Conwy Castle

The original entrance would’ve stood just in front of here, up a steep stair way through the original gated entrance to the right – this would have been defended by a drawbridge and portcullis

Now that’s what you call a Castle

Us, on the approach to the town and the castle – 14th March 2020
The approach to the castle

Conwy castle is one of the great castles of Wales and one of the most impressive within the United Kingdom. (Wales, and in particular North Wales, is for my money the ‘Castle Capital’ of the world)

Passageway in the Gatehouse where the portcullis would have been.
‘Murder Holes’ were located above where defenders of the castle could rain down fire and all manner of objects on any attackers

The place oozes history.

It is the very essence of picturesque and still, seven centuries after its construction, commands attention from anyone entering the area – a brooding, omnipresent reminder of the historic animosity between the English and the Welsh and the lengths monarchs would go to to stamp their authority over their populace and their enemies.

Phenomenal view of the castle from the top of the turret of the Chapel tower overlooking the inner ward where the royal visitors would have stayed and been protected

The castle is part of Edward I’s ‘Iron ring’ of fortresses across North Wales, designed as a display of power over the local population and a symbol of his power in his newly conquered Welsh territory.

Cellar underneath the Great Hall. Whilst the roofs have gone the spirit of this place and these rooms certainly remain. What incredible scenes the rooms above must have witnessed – from King’s banquets, to dances, to rowdy celebrations and all other manner of entertainments.

When Edward I came to the throne in 1272, Wales was ruled by Llywelyn ap Gruffudd (Llywelyn the Last). He had had successfully exploited the weak and ineffective rule of Henry III to obtain complete control of the principality culminating in English recognition of his title of Prince of Wales at the Treaty of Montgomery (1267).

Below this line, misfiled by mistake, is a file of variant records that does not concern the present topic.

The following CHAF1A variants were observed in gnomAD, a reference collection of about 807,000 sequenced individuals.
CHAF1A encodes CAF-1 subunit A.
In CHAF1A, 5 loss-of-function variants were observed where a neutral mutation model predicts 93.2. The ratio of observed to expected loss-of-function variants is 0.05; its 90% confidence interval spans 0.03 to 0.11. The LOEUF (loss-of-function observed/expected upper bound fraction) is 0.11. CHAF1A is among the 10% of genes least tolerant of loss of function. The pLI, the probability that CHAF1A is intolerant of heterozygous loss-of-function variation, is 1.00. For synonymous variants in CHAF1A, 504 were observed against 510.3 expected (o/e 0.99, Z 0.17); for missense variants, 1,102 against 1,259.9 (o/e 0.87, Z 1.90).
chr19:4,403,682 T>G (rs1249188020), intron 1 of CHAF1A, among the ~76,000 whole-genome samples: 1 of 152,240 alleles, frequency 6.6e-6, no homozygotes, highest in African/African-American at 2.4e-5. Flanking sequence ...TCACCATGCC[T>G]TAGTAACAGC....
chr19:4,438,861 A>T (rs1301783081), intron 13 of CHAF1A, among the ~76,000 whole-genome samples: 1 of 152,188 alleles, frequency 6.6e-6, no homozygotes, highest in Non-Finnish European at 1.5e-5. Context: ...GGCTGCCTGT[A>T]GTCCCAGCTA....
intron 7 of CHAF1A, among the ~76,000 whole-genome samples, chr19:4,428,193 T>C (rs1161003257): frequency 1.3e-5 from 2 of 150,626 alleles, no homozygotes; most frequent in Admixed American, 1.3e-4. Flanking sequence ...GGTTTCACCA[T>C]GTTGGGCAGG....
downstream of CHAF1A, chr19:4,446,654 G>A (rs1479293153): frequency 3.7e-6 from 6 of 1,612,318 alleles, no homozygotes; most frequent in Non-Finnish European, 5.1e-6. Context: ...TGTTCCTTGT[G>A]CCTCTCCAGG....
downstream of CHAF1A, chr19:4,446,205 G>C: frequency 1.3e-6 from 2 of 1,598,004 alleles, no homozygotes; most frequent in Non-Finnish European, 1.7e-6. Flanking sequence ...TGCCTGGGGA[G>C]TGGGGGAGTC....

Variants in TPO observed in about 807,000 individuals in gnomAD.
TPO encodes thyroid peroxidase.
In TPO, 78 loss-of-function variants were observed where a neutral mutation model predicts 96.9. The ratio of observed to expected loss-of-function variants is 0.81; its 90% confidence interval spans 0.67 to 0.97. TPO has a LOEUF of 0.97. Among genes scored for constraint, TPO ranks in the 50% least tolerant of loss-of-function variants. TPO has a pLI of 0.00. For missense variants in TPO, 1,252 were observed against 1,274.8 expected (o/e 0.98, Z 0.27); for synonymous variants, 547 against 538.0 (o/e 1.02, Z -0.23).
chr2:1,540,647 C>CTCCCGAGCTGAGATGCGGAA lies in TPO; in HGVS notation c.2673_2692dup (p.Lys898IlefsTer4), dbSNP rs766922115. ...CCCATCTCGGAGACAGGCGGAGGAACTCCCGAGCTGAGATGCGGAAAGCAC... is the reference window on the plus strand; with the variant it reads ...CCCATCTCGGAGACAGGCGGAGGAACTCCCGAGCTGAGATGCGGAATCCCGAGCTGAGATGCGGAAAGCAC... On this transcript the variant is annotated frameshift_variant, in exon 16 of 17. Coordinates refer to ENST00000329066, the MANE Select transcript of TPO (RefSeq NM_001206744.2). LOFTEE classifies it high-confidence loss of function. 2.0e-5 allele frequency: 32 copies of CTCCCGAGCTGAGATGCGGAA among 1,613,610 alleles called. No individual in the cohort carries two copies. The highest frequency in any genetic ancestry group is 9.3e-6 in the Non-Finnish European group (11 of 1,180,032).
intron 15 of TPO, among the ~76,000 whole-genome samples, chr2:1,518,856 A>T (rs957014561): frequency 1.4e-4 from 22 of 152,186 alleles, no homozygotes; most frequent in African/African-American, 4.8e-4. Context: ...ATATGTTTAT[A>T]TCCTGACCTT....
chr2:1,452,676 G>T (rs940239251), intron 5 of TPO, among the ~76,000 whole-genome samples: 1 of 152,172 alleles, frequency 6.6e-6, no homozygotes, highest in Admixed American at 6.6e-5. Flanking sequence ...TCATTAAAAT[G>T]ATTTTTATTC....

A birds eye view of Conwy and excellent descriptions of the various parts of the castle

Whilst Edward I was initially content to sustain the status-quo, relations between the two factions quickly deteriorated. The First War of Welsh Independence (1276-7) followed which saw LLywelyn stripped of all his lands to the east of Rhuddlan. Circumstances forced the Prince into a further conflict – the Second War of Welsh Independence (1282-3) – which resulted in his death and all of Wales coming under direct English rule. To sustain the subsequent occupation a chain of fortresses was constructed which included Conwy Castle.

Weathered locked entrance

The best and simplest description is found in the guidebook published by CADW, the Welsh Historic Trust, which states: “Conwy is by any standards one of the great fortresses of medieval Europe.”

View of the town – you can see the remaining Town walls which were built at the same time as the castle to keep the native Welsh out of King Edward I’s new town

Masterminded by James of St. George, the King’s chief architect and mason from Savoy, the castle was begun in 1283 and built in less than 4 years which is an astonishing feat of ingenuity and craftsmanship even by today’s standards. Craftsmen including Masons, woodcutters, diggers and carpenters from all over England were deployed to work on site and it is said it took 1,500 men working around the clock to construct the castle in time.